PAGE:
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Wear OS 5 triples down on battery life

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Wear OS 5 is on its way, and with it, Google says Android smartwatch users ought to see even better battery life. Running a marathon, for example, will purportedly consume 20 percent less battery than on Wear OS 4.

This emphasis on battery life is similar to last year’s Wear OS 4 announcement — and for good reason. Wear OS 4 helped the Pixel Watch 2 last an entire day, something the original struggled to do. That improved battery life has seemingly bought some goodwill. Google says that, in the last year, the Wear OS user base grew by an impressive 40 percent across 160 countries and regions.

Of course, we’ll likely have to wait until Samsung’s next-gen Galaxy Watch and the Pixel Watch 3 this fall to see how this improved battery life translates into real-life usage. Wear OS updates typically come to those new watches from Samsung and Google before they come to third-party or older hardware.

Weather is getting more detailed.
Image: Google

On top of better battery life, Google also mentioned some improvements coming to watchfaces. The big thing is Google’s adding some more useful complications. That includes ones that let you view goal progress, weather, and “weighted elements.” The weather complications include things like current conditions, temperature, UV index, and chance of precipitation. Meanwhile, weighted elements appear to be a pie chart-like complication for multiple datasets — something you might expect from a health app where you track multiple goals in a day. Other updates were mostly to make things easier for developers, such as providing new guidelines on how to build UI for larger, round displays. Also mentioned were easier ways to test fitness features, like auto-pause and resuming exercises.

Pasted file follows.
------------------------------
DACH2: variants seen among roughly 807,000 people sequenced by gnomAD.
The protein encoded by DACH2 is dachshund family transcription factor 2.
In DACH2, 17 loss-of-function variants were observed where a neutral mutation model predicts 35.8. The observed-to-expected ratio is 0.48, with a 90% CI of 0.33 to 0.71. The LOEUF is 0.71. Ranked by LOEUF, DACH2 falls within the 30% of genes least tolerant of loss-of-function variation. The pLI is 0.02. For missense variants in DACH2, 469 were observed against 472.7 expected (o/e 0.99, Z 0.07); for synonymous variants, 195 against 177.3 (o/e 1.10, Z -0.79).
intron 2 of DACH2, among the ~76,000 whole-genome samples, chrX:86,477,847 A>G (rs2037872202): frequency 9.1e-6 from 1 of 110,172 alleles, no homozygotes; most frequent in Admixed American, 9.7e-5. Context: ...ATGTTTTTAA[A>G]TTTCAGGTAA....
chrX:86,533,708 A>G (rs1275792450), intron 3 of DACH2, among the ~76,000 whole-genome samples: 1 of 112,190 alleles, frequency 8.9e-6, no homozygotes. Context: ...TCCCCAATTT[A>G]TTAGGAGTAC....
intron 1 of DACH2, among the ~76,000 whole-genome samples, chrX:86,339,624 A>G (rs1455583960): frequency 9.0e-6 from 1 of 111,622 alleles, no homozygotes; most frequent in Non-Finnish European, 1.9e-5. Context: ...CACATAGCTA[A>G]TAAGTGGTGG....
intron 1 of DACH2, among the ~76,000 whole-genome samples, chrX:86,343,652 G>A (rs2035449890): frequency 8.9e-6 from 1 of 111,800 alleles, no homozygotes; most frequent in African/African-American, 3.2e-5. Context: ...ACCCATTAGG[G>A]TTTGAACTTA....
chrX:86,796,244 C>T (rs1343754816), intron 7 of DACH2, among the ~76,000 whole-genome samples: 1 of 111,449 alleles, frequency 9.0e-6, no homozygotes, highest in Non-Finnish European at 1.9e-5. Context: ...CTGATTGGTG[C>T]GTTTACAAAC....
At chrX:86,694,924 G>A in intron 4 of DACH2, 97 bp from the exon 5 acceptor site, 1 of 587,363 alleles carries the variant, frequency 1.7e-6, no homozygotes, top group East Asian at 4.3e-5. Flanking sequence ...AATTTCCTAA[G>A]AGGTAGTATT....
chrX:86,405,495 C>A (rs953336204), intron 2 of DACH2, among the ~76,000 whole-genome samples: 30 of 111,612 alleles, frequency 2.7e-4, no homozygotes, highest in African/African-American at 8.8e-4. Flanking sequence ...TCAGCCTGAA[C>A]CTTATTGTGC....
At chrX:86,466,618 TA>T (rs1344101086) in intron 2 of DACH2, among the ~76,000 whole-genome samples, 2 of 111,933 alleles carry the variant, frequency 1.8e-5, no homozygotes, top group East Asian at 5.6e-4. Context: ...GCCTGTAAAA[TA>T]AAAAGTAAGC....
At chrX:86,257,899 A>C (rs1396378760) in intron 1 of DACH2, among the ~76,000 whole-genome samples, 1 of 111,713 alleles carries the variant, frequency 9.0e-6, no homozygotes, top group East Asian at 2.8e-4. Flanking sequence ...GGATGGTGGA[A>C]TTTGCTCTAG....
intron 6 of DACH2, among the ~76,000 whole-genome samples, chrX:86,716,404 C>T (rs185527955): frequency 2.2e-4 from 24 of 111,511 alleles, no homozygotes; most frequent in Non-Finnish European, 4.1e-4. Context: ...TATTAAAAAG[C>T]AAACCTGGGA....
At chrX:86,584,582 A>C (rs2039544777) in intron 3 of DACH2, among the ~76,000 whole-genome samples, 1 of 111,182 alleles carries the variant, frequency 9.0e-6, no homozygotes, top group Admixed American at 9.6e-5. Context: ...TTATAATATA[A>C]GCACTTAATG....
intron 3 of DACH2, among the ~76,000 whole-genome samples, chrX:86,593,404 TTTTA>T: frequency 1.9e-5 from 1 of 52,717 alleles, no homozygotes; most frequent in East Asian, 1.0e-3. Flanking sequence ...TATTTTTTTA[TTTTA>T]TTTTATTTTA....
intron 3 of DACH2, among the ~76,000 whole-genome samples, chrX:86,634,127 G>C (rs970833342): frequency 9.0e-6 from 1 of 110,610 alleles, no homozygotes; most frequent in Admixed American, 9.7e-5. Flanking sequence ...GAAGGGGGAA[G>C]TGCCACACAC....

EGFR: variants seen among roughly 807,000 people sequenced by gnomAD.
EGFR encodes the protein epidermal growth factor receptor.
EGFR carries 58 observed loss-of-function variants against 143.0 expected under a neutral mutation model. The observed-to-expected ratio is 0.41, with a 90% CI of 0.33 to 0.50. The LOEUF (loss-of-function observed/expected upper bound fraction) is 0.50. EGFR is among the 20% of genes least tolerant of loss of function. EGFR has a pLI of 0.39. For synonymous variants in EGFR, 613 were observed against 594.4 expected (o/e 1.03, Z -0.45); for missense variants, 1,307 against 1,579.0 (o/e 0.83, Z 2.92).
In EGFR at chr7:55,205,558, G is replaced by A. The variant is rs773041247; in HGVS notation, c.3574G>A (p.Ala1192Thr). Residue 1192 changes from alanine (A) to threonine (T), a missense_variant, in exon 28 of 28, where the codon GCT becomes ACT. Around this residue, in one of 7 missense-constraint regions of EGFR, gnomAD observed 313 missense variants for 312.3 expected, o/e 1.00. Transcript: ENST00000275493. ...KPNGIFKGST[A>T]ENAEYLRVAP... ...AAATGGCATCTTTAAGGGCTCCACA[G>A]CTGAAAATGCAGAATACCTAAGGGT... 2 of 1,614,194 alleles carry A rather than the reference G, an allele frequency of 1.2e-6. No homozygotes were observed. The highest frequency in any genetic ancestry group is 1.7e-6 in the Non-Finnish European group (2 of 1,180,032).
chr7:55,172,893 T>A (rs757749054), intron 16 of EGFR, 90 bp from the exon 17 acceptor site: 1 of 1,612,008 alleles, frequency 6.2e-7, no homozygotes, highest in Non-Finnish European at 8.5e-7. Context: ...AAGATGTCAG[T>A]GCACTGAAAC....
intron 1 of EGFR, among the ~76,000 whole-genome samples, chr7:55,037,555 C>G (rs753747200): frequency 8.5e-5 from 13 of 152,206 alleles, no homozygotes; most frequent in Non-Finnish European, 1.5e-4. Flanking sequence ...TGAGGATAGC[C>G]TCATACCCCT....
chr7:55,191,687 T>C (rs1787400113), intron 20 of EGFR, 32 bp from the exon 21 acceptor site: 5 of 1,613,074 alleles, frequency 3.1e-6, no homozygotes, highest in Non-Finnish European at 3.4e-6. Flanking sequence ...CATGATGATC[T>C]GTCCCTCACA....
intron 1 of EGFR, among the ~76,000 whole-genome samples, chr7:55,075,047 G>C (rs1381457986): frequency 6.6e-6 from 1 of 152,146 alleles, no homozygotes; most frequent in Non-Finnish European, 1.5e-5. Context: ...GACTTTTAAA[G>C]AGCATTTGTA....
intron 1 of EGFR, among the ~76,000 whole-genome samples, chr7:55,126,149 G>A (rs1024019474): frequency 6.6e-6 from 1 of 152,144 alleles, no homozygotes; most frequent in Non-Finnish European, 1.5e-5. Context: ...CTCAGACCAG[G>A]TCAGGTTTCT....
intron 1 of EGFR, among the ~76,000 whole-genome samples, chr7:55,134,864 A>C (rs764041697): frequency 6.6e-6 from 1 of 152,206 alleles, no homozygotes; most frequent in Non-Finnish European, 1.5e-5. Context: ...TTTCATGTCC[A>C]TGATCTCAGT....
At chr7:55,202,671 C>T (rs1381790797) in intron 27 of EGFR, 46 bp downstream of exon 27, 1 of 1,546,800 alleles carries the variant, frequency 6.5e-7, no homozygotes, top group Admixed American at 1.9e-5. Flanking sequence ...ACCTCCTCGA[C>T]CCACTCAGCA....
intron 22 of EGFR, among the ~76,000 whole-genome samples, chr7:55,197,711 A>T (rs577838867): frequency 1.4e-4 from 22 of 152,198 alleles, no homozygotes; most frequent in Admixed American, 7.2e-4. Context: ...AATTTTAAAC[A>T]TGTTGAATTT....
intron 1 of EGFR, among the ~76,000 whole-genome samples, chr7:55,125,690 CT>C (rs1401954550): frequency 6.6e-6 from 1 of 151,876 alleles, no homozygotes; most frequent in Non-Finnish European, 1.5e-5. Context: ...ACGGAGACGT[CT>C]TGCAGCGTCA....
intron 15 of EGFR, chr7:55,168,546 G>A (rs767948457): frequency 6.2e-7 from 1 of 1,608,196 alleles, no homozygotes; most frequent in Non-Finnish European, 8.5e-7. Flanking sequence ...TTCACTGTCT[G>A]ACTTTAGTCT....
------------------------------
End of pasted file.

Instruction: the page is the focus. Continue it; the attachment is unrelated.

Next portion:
On the health front, Google’s Health Connect platform will get a few new tricks, too. For instance, you’ll be able to pull data while a third-party app is running in the background. You’ll also be able to pull historical data beyond 30 days.

As for fitness features, Wear OS 5 is adding support for more advanced running metrics like ground contact time, stride length, vertical oscillation, and vertical ratio. These are pretty common metrics on multisport watches from Garmin and Polar, and Apple also added it in watchOS 9.

Much of this is stuff that other smartwatch makers already nailed down a while back. But while Google still has to play a bit of catchup, it is encouraging to see the gap steadily closing. Less encouraging is the fact that it appears the fragmentation of Wear OS continues. Last year, Google launched Wear OS 4 before Wear OS 3 had fully rolled out to everyone else other than Samsung and Google. Ostensibly, we’re about to see the same thing happen with Wear OS 5. And while it would be nice if we could expect every Wear OS watch to get these updates in a timely manner, it’s a decent hint at what we might see on the Galaxy Watch 7 series and the Pixel Watch 3.

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